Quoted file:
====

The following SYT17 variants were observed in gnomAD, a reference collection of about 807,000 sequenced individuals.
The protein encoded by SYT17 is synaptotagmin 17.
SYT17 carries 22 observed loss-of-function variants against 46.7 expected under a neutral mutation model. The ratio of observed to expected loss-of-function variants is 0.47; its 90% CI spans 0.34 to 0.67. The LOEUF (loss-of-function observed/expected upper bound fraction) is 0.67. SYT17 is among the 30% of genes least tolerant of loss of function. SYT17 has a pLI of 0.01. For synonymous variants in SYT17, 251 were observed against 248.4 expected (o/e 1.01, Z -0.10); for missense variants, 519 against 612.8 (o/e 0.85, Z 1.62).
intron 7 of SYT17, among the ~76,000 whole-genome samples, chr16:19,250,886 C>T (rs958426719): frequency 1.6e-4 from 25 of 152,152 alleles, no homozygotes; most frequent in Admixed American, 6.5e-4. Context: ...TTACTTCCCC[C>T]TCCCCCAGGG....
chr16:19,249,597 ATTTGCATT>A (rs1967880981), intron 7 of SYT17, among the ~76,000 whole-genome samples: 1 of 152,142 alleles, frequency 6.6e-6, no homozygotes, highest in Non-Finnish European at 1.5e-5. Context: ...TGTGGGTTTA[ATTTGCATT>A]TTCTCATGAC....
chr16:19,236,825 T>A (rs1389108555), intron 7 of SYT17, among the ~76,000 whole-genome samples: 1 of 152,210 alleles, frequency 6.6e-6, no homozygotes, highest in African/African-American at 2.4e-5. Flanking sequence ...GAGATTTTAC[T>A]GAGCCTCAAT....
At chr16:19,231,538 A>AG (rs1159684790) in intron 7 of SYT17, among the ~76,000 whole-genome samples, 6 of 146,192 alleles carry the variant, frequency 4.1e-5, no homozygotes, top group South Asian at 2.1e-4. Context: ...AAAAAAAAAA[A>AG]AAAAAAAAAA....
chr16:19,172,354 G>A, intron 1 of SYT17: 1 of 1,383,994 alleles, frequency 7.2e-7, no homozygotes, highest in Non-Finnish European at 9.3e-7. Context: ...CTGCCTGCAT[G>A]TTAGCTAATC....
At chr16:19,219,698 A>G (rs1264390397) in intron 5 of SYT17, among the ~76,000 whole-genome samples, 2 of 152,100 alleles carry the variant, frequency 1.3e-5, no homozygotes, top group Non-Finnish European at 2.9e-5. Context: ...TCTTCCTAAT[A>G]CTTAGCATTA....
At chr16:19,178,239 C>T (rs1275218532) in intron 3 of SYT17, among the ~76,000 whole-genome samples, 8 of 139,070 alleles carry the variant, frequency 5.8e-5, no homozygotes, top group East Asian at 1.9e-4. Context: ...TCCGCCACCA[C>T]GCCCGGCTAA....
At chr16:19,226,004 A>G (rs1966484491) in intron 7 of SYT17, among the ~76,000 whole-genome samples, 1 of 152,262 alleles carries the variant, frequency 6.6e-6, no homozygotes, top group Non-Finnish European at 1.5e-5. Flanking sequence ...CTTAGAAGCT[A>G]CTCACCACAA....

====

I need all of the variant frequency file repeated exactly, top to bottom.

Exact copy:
The following SYT17 variants were observed in gnomAD, a reference collection of about 807,000 sequenced individuals.
The protein encoded by SYT17 is synaptotagmin 17.
SYT17 carries 22 observed loss-of-function variants against 46.7 expected under a neutral mutation model. The ratio of observed to expected loss-of-function variants is 0.47; its 90% CI spans 0.34 to 0.67. The LOEUF (loss-of-function observed/expected upper bound fraction) is 0.67. SYT17 is among the 30% of genes least tolerant of loss of function. SYT17 has a pLI of 0.01. For synonymous variants in SYT17, 251 were observed against 248.4 expected (o/e 1.01, Z -0.10); for missense variants, 519 against 612.8 (o/e 0.85, Z 1.62).
intron 7 of SYT17, among the ~76,000 whole-genome samples, chr16:19,250,886 C>T (rs958426719): frequency 1.6e-4 from 25 of 152,152 alleles, no homozygotes; most frequent in Admixed American, 6.5e-4. Context: ...TTACTTCCCC[C>T]TCCCCCAGGG....
chr16:19,249,597 ATTTGCATT>A (rs1967880981), intron 7 of SYT17, among the ~76,000 whole-genome samples: 1 of 152,142 alleles, frequency 6.6e-6, no homozygotes, highest in Non-Finnish European at 1.5e-5. Context: ...TGTGGGTTTA[ATTTGCATT>A]TTCTCATGAC....
chr16:19,236,825 T>A (rs1389108555), intron 7 of SYT17, among the ~76,000 whole-genome samples: 1 of 152,210 alleles, frequency 6.6e-6, no homozygotes, highest in African/African-American at 2.4e-5. Flanking sequence ...GAGATTTTAC[T>A]GAGCCTCAAT....
At chr16:19,231,538 A>AG (rs1159684790) in intron 7 of SYT17, among the ~76,000 whole-genome samples, 6 of 146,192 alleles carry the variant, frequency 4.1e-5, no homozygotes, top group South Asian at 2.1e-4. Context: ...AAAAAAAAAA[A>AG]AAAAAAAAAA....
chr16:19,172,354 G>A, intron 1 of SYT17: 1 of 1,383,994 alleles, frequency 7.2e-7, no homozygotes, highest in Non-Finnish European at 9.3e-7. Context: ...CTGCCTGCAT[G>A]TTAGCTAATC....
At chr16:19,219,698 A>G (rs1264390397) in intron 5 of SYT17, among the ~76,000 whole-genome samples, 2 of 152,100 alleles carry the variant, frequency 1.3e-5, no homozygotes, top group Non-Finnish European at 2.9e-5. Context: ...TCTTCCTAAT[A>G]CTTAGCATTA....
At chr16:19,178,239 C>T (rs1275218532) in intron 3 of SYT17, among the ~76,000 whole-genome samples, 8 of 139,070 alleles carry the variant, frequency 5.8e-5, no homozygotes, top group East Asian at 1.9e-4. Context: ...TCCGCCACCA[C>T]GCCCGGCTAA....
At chr16:19,226,004 A>G (rs1966484491) in intron 7 of SYT17, among the ~76,000 whole-genome samples, 1 of 152,262 alleles carries the variant, frequency 6.6e-6, no homozygotes, top group Non-Finnish European at 1.5e-5. Flanking sequence ...CTTAGAAGCT[A>G]CTCACCACAA....